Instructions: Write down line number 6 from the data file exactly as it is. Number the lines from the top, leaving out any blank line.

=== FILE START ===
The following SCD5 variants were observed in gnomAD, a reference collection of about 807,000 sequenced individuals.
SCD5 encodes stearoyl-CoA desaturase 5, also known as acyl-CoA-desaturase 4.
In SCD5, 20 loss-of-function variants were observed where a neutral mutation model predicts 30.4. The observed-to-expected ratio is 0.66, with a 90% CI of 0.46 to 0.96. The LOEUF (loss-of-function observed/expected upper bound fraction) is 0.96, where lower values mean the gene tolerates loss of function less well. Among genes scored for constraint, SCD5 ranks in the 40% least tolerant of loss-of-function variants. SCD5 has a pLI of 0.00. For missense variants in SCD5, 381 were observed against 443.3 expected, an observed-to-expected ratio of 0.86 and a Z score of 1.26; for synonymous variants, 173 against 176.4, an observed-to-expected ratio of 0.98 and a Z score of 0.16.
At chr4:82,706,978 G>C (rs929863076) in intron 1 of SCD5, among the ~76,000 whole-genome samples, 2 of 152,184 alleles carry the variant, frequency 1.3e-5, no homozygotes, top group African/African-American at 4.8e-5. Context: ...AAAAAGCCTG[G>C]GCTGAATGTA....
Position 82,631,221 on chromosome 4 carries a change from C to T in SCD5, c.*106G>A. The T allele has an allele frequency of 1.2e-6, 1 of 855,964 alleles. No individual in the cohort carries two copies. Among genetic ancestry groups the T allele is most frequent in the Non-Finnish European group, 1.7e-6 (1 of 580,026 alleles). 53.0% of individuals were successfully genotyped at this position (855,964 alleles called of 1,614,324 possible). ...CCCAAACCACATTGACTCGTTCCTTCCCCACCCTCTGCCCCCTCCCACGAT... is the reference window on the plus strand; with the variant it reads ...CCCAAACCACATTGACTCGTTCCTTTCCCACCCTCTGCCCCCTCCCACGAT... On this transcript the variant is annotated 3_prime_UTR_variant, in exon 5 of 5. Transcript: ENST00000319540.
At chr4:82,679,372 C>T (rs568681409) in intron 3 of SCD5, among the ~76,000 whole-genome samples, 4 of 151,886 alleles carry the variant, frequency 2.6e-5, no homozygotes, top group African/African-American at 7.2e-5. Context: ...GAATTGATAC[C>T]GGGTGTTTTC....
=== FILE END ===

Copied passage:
At chr4:82,679,372 C>T (rs568681409) in intron 3 of SCD5, among the ~76,000 whole-genome samples, 4 of 151,886 alleles carry the variant, frequency 2.6e-5, no homozygotes, top group African/African-American at 7.2e-5. Context: ...GAATTGATAC[C>T]GGGTGTTTTC....